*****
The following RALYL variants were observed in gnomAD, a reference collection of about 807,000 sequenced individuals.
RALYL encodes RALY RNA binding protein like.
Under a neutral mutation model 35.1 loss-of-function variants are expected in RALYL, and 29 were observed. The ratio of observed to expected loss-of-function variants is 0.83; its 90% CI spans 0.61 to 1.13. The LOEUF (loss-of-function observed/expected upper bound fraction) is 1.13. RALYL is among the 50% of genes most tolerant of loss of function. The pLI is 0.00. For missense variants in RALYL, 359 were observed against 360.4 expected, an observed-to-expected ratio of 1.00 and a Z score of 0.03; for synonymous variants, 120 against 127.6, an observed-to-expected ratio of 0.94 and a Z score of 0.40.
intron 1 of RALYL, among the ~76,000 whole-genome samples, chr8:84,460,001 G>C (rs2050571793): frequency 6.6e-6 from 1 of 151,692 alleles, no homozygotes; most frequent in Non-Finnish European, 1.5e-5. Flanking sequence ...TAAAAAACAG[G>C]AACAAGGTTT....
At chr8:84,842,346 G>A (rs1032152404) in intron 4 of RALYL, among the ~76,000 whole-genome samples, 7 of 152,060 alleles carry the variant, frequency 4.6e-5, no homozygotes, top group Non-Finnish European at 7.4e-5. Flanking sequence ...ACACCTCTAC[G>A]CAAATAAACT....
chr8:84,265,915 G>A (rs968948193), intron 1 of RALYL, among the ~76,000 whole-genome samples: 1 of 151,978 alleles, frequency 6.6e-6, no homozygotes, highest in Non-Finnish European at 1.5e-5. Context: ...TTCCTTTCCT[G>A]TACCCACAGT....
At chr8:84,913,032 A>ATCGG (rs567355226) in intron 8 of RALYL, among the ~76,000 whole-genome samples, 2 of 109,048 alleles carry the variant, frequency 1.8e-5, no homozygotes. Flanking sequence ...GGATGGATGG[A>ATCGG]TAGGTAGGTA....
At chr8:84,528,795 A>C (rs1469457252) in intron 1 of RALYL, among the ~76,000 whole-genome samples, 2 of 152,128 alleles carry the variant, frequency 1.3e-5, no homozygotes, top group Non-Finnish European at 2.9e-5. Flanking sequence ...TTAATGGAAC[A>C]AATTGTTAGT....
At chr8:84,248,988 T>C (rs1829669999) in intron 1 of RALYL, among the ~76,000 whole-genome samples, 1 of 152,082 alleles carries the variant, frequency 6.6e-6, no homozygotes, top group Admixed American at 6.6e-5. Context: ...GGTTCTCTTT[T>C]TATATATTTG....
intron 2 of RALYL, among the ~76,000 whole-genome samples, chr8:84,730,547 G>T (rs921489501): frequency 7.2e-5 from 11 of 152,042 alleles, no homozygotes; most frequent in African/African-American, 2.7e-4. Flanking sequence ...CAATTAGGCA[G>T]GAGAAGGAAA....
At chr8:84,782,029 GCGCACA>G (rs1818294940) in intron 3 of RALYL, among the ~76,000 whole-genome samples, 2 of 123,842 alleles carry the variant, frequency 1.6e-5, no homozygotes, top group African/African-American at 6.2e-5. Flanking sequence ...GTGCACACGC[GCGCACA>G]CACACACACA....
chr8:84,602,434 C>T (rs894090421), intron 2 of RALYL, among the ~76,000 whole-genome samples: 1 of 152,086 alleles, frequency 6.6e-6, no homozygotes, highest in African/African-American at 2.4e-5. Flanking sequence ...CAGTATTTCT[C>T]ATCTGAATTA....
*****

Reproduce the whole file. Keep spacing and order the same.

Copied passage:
The following RALYL variants were observed in gnomAD, a reference collection of about 807,000 sequenced individuals.
RALYL encodes RALY RNA binding protein like.
Under a neutral mutation model 35.1 loss-of-function variants are expected in RALYL, and 29 were observed. The ratio of observed to expected loss-of-function variants is 0.83; its 90% CI spans 0.61 to 1.13. The LOEUF (loss-of-function observed/expected upper bound fraction) is 1.13. RALYL is among the 50% of genes most tolerant of loss of function. The pLI is 0.00. For missense variants in RALYL, 359 were observed against 360.4 expected, an observed-to-expected ratio of 1.00 and a Z score of 0.03; for synonymous variants, 120 against 127.6, an observed-to-expected ratio of 0.94 and a Z score of 0.40.
intron 1 of RALYL, among the ~76,000 whole-genome samples, chr8:84,460,001 G>C (rs2050571793): frequency 6.6e-6 from 1 of 151,692 alleles, no homozygotes; most frequent in Non-Finnish European, 1.5e-5. Flanking sequence ...TAAAAAACAG[G>C]AACAAGGTTT....
At chr8:84,842,346 G>A (rs1032152404) in intron 4 of RALYL, among the ~76,000 whole-genome samples, 7 of 152,060 alleles carry the variant, frequency 4.6e-5, no homozygotes, top group Non-Finnish European at 7.4e-5. Flanking sequence ...ACACCTCTAC[G>A]CAAATAAACT....
chr8:84,265,915 G>A (rs968948193), intron 1 of RALYL, among the ~76,000 whole-genome samples: 1 of 151,978 alleles, frequency 6.6e-6, no homozygotes, highest in Non-Finnish European at 1.5e-5. Context: ...TTCCTTTCCT[G>A]TACCCACAGT....
At chr8:84,913,032 A>ATCGG (rs567355226) in intron 8 of RALYL, among the ~76,000 whole-genome samples, 2 of 109,048 alleles carry the variant, frequency 1.8e-5, no homozygotes. Flanking sequence ...GGATGGATGG[A>ATCGG]TAGGTAGGTA....
At chr8:84,528,795 A>C (rs1469457252) in intron 1 of RALYL, among the ~76,000 whole-genome samples, 2 of 152,128 alleles carry the variant, frequency 1.3e-5, no homozygotes, top group Non-Finnish European at 2.9e-5. Flanking sequence ...TTAATGGAAC[A>C]AATTGTTAGT....
At chr8:84,248,988 T>C (rs1829669999) in intron 1 of RALYL, among the ~76,000 whole-genome samples, 1 of 152,082 alleles carries the variant, frequency 6.6e-6, no homozygotes, top group Admixed American at 6.6e-5. Context: ...GGTTCTCTTT[T>C]TATATATTTG....
intron 2 of RALYL, among the ~76,000 whole-genome samples, chr8:84,730,547 G>T (rs921489501): frequency 7.2e-5 from 11 of 152,042 alleles, no homozygotes; most frequent in African/African-American, 2.7e-4. Flanking sequence ...CAATTAGGCA[G>T]GAGAAGGAAA....
At chr8:84,782,029 GCGCACA>G (rs1818294940) in intron 3 of RALYL, among the ~76,000 whole-genome samples, 2 of 123,842 alleles carry the variant, frequency 1.6e-5, no homozygotes, top group African/African-American at 6.2e-5. Flanking sequence ...GTGCACACGC[GCGCACA>G]CACACACACA....
chr8:84,602,434 C>T (rs894090421), intron 2 of RALYL, among the ~76,000 whole-genome samples: 1 of 152,086 alleles, frequency 6.6e-6, no homozygotes, highest in African/African-American at 2.4e-5. Flanking sequence ...CAGTATTTCT[C>T]ATCTGAATTA....